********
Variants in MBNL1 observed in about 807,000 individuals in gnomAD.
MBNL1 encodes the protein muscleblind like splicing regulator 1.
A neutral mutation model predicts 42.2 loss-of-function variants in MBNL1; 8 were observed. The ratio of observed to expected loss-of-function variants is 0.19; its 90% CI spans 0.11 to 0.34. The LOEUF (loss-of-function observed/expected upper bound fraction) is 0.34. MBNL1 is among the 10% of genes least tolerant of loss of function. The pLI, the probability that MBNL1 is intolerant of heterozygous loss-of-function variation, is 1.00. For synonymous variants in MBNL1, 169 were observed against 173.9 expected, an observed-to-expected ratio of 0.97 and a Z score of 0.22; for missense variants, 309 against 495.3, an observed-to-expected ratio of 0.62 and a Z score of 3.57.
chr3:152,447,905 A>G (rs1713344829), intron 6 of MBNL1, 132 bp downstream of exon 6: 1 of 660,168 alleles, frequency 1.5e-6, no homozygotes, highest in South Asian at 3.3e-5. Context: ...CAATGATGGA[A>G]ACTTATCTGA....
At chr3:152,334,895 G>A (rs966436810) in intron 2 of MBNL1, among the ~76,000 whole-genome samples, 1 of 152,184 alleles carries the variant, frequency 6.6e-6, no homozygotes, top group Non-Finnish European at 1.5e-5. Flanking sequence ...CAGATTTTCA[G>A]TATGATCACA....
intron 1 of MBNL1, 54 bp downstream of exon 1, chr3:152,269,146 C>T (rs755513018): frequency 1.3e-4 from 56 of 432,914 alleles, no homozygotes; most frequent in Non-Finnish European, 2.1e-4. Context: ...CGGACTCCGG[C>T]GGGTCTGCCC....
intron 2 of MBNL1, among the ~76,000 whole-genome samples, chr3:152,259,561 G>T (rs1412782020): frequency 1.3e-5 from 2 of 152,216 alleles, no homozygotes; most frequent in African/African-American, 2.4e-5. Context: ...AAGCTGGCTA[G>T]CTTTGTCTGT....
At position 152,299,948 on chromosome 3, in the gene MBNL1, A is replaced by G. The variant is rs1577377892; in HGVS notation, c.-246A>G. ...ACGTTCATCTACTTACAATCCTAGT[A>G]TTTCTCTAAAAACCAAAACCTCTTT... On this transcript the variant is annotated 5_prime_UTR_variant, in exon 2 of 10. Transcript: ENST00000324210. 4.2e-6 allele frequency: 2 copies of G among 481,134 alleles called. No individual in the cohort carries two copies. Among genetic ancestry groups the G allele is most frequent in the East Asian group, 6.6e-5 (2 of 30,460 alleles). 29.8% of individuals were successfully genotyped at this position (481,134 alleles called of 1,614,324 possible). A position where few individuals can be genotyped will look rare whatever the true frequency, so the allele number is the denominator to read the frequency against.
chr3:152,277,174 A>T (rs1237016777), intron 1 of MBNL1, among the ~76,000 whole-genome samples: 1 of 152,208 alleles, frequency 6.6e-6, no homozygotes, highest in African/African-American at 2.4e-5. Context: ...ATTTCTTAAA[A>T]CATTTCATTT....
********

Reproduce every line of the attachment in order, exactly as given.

Variants in MBNL1 observed in about 807,000 individuals in gnomAD.
MBNL1 encodes the protein muscleblind like splicing regulator 1.
A neutral mutation model predicts 42.2 loss-of-function variants in MBNL1; 8 were observed. The ratio of observed to expected loss-of-function variants is 0.19; its 90% CI spans 0.11 to 0.34. The LOEUF (loss-of-function observed/expected upper bound fraction) is 0.34. MBNL1 is among the 10% of genes least tolerant of loss of function. The pLI, the probability that MBNL1 is intolerant of heterozygous loss-of-function variation, is 1.00. For synonymous variants in MBNL1, 169 were observed against 173.9 expected, an observed-to-expected ratio of 0.97 and a Z score of 0.22; for missense variants, 309 against 495.3, an observed-to-expected ratio of 0.62 and a Z score of 3.57.
chr3:152,447,905 A>G (rs1713344829), intron 6 of MBNL1, 132 bp downstream of exon 6: 1 of 660,168 alleles, frequency 1.5e-6, no homozygotes, highest in South Asian at 3.3e-5. Context: ...CAATGATGGA[A>G]ACTTATCTGA....
At chr3:152,334,895 G>A (rs966436810) in intron 2 of MBNL1, among the ~76,000 whole-genome samples, 1 of 152,184 alleles carries the variant, frequency 6.6e-6, no homozygotes, top group Non-Finnish European at 1.5e-5. Flanking sequence ...CAGATTTTCA[G>A]TATGATCACA....
intron 1 of MBNL1, 54 bp downstream of exon 1, chr3:152,269,146 C>T (rs755513018): frequency 1.3e-4 from 56 of 432,914 alleles, no homozygotes; most frequent in Non-Finnish European, 2.1e-4. Context: ...CGGACTCCGG[C>T]GGGTCTGCCC....
intron 2 of MBNL1, among the ~76,000 whole-genome samples, chr3:152,259,561 G>T (rs1412782020): frequency 1.3e-5 from 2 of 152,216 alleles, no homozygotes; most frequent in African/African-American, 2.4e-5. Context: ...AAGCTGGCTA[G>T]CTTTGTCTGT....
At position 152,299,948 on chromosome 3, in the gene MBNL1, A is replaced by G. The variant is rs1577377892; in HGVS notation, c.-246A>G. ...ACGTTCATCTACTTACAATCCTAGT[A>G]TTTCTCTAAAAACCAAAACCTCTTT... On this transcript the variant is annotated 5_prime_UTR_variant, in exon 2 of 10. Transcript: ENST00000324210. 4.2e-6 allele frequency: 2 copies of G among 481,134 alleles called. No individual in the cohort carries two copies. Among genetic ancestry groups the G allele is most frequent in the East Asian group, 6.6e-5 (2 of 30,460 alleles). 29.8% of individuals were successfully genotyped at this position (481,134 alleles called of 1,614,324 possible). A position where few individuals can be genotyped will look rare whatever the true frequency, so the allele number is the denominator to read the frequency against.
chr3:152,277,174 A>T (rs1237016777), intron 1 of MBNL1, among the ~76,000 whole-genome samples: 1 of 152,208 alleles, frequency 6.6e-6, no homozygotes, highest in African/African-American at 2.4e-5. Context: ...ATTTCTTAAA[A>T]CATTTCATTT....